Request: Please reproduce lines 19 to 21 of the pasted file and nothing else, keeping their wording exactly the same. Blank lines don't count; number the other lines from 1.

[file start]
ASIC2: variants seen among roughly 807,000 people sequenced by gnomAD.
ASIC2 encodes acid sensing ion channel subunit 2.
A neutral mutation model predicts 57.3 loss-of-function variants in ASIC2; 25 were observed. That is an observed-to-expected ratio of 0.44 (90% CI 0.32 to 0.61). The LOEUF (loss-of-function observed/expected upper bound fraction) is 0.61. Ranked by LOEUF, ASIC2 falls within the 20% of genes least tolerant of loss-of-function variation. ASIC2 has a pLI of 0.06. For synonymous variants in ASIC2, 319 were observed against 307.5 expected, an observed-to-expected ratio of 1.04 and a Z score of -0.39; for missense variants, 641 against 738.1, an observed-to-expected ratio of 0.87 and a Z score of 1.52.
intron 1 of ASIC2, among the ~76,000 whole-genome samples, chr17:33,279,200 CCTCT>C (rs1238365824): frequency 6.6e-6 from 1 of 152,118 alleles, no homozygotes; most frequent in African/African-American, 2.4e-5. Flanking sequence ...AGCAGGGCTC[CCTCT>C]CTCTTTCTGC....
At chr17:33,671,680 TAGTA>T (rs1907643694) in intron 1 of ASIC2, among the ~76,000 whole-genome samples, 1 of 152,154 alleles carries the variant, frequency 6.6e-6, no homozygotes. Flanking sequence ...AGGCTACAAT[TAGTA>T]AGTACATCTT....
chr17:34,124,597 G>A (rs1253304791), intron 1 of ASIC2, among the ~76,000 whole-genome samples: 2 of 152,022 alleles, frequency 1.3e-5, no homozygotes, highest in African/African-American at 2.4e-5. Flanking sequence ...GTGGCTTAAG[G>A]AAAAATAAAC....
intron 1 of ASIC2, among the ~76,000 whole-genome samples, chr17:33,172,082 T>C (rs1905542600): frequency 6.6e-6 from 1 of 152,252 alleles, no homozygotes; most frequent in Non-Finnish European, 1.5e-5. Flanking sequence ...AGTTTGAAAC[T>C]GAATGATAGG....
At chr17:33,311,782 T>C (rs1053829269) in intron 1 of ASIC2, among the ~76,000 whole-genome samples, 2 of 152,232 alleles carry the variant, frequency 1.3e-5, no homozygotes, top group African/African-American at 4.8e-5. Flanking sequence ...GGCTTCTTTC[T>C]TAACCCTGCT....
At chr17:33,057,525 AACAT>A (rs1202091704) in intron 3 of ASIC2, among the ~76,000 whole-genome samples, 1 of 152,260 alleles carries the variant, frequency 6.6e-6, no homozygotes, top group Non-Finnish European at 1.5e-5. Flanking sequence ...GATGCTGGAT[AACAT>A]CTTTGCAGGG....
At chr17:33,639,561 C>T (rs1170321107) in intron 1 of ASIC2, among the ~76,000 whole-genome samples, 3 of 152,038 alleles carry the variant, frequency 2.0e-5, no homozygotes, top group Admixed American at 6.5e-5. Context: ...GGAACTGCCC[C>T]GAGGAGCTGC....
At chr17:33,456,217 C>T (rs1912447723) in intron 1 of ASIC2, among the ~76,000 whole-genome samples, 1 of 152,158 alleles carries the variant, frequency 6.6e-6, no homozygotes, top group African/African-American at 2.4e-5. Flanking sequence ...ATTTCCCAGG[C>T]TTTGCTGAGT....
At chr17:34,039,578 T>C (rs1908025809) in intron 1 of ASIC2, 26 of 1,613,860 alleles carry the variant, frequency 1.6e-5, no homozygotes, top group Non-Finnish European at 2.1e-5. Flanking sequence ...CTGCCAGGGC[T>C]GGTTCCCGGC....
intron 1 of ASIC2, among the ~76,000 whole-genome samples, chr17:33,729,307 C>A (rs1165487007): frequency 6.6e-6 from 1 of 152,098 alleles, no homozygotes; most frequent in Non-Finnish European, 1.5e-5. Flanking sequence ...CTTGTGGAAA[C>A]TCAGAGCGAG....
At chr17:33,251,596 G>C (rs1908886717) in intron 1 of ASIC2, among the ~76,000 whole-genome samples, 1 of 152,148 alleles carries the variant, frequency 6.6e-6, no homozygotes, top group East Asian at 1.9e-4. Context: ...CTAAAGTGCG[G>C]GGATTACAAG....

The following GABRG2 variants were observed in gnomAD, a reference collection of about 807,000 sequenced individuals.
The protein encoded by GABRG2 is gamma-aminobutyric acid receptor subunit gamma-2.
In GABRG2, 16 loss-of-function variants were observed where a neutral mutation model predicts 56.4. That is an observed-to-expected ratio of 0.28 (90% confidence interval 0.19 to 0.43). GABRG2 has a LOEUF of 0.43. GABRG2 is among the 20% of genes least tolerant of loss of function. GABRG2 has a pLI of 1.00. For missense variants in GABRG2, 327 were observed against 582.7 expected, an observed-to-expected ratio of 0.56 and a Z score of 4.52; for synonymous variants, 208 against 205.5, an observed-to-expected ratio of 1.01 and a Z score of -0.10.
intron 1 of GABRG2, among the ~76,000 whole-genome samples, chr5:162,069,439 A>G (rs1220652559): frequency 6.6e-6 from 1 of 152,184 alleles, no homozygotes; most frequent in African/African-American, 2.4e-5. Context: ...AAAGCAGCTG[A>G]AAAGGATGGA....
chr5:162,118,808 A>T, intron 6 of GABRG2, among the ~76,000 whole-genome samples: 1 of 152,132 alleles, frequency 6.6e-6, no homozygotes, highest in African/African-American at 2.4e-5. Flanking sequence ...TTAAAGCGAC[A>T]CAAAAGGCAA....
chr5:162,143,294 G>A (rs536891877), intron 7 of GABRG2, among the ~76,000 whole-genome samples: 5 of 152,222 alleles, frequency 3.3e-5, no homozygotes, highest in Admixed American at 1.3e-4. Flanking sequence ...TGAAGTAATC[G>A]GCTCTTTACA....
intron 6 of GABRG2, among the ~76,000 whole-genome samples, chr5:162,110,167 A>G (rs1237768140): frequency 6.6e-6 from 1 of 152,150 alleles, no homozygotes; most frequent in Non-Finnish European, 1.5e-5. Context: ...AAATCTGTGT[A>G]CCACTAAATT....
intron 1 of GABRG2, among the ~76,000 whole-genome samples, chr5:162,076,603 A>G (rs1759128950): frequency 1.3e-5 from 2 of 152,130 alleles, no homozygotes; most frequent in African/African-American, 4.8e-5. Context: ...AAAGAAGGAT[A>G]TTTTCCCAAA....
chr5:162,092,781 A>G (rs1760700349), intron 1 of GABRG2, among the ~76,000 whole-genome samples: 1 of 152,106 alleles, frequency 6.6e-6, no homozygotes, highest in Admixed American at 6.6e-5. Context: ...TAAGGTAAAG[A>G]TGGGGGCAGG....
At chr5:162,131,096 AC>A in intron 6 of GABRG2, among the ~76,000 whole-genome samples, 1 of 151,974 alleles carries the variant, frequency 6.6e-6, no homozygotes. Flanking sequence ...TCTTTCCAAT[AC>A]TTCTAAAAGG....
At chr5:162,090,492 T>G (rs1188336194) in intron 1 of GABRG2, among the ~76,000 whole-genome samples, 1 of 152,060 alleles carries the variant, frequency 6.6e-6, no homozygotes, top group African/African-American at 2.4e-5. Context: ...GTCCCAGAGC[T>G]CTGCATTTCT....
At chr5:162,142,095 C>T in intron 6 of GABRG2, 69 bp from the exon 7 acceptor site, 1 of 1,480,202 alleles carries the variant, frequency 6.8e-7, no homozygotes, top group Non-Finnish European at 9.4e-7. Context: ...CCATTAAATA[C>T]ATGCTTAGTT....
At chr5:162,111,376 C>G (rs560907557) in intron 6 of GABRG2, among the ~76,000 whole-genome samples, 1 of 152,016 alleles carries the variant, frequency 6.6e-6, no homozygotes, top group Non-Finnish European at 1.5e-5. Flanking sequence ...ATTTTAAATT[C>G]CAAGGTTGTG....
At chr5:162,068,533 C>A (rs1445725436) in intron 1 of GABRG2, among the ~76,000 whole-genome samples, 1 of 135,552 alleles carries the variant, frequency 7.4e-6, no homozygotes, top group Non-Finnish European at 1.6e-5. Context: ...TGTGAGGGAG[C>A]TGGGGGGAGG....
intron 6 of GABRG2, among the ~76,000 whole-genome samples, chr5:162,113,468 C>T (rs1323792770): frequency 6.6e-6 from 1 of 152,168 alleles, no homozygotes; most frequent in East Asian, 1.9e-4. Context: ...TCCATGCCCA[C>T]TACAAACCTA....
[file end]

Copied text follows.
chr5:162,118,808 A>T, intron 6 of GABRG2, among the ~76,000 whole-genome samples: 1 of 152,132 alleles, frequency 6.6e-6, no homozygotes, highest in African/African-American at 2.4e-5. Flanking sequence ...TTAAAGCGAC[A>T]CAAAAGGCAA....
chr5:162,143,294 G>A (rs536891877), intron 7 of GABRG2, among the ~76,000 whole-genome samples: 5 of 152,222 alleles, frequency 3.3e-5, no homozygotes, highest in Admixed American at 1.3e-4. Flanking sequence ...TGAAGTAATC[G>A]GCTCTTTACA....
intron 6 of GABRG2, among the ~76,000 whole-genome samples, chr5:162,110,167 A>G (rs1237768140): frequency 6.6e-6 from 1 of 152,150 alleles, no homozygotes; most frequent in Non-Finnish European, 1.5e-5. Context: ...AAATCTGTGT[A>G]CCACTAAATT....